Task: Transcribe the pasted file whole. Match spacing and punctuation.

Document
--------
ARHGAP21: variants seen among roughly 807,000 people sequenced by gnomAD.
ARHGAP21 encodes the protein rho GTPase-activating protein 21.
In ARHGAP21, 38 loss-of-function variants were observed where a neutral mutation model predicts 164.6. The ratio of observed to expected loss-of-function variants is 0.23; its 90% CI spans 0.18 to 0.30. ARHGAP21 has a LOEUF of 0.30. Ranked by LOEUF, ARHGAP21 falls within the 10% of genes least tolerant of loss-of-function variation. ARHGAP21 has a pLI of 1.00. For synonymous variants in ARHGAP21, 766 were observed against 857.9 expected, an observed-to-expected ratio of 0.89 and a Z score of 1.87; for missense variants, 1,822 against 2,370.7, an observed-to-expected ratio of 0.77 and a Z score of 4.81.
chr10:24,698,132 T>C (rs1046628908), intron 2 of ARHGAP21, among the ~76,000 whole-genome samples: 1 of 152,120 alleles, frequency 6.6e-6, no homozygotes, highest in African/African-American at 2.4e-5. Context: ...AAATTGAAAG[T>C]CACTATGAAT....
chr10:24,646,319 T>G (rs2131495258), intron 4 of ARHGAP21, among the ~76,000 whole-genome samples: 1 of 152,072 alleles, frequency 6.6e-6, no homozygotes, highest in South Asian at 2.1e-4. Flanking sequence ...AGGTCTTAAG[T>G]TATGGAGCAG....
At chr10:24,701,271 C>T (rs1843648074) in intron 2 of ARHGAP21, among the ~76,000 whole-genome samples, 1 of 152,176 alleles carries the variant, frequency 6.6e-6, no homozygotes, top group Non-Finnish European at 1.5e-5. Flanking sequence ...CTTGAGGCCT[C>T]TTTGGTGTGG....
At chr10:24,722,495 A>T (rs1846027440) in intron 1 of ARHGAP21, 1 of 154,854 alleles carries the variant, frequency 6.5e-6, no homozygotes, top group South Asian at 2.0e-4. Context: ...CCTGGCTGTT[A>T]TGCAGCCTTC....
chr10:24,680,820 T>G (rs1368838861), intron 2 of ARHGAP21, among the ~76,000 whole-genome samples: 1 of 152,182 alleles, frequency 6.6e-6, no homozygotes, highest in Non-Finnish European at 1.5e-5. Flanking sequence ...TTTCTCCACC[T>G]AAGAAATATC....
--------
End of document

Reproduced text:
ARHGAP21: variants seen among roughly 807,000 people sequenced by gnomAD.
ARHGAP21 encodes the protein rho GTPase-activating protein 21.
In ARHGAP21, 38 loss-of-function variants were observed where a neutral mutation model predicts 164.6. The ratio of observed to expected loss-of-function variants is 0.23; its 90% CI spans 0.18 to 0.30. ARHGAP21 has a LOEUF of 0.30. Ranked by LOEUF, ARHGAP21 falls within the 10% of genes least tolerant of loss-of-function variation. ARHGAP21 has a pLI of 1.00. For synonymous variants in ARHGAP21, 766 were observed against 857.9 expected, an observed-to-expected ratio of 0.89 and a Z score of 1.87; for missense variants, 1,822 against 2,370.7, an observed-to-expected ratio of 0.77 and a Z score of 4.81.
chr10:24,698,132 T>C (rs1046628908), intron 2 of ARHGAP21, among the ~76,000 whole-genome samples: 1 of 152,120 alleles, frequency 6.6e-6, no homozygotes, highest in African/African-American at 2.4e-5. Context: ...AAATTGAAAG[T>C]CACTATGAAT....
chr10:24,646,319 T>G (rs2131495258), intron 4 of ARHGAP21, among the ~76,000 whole-genome samples: 1 of 152,072 alleles, frequency 6.6e-6, no homozygotes, highest in South Asian at 2.1e-4. Flanking sequence ...AGGTCTTAAG[T>G]TATGGAGCAG....
At chr10:24,701,271 C>T (rs1843648074) in intron 2 of ARHGAP21, among the ~76,000 whole-genome samples, 1 of 152,176 alleles carries the variant, frequency 6.6e-6, no homozygotes, top group Non-Finnish European at 1.5e-5. Flanking sequence ...CTTGAGGCCT[C>T]TTTGGTGTGG....
At chr10:24,722,495 A>T (rs1846027440) in intron 1 of ARHGAP21, 1 of 154,854 alleles carries the variant, frequency 6.5e-6, no homozygotes, top group South Asian at 2.0e-4. Context: ...CCTGGCTGTT[A>T]TGCAGCCTTC....
chr10:24,680,820 T>G (rs1368838861), intron 2 of ARHGAP21, among the ~76,000 whole-genome samples: 1 of 152,182 alleles, frequency 6.6e-6, no homozygotes, highest in Non-Finnish European at 1.5e-5. Flanking sequence ...TTTCTCCACC[T>G]AAGAAATATC....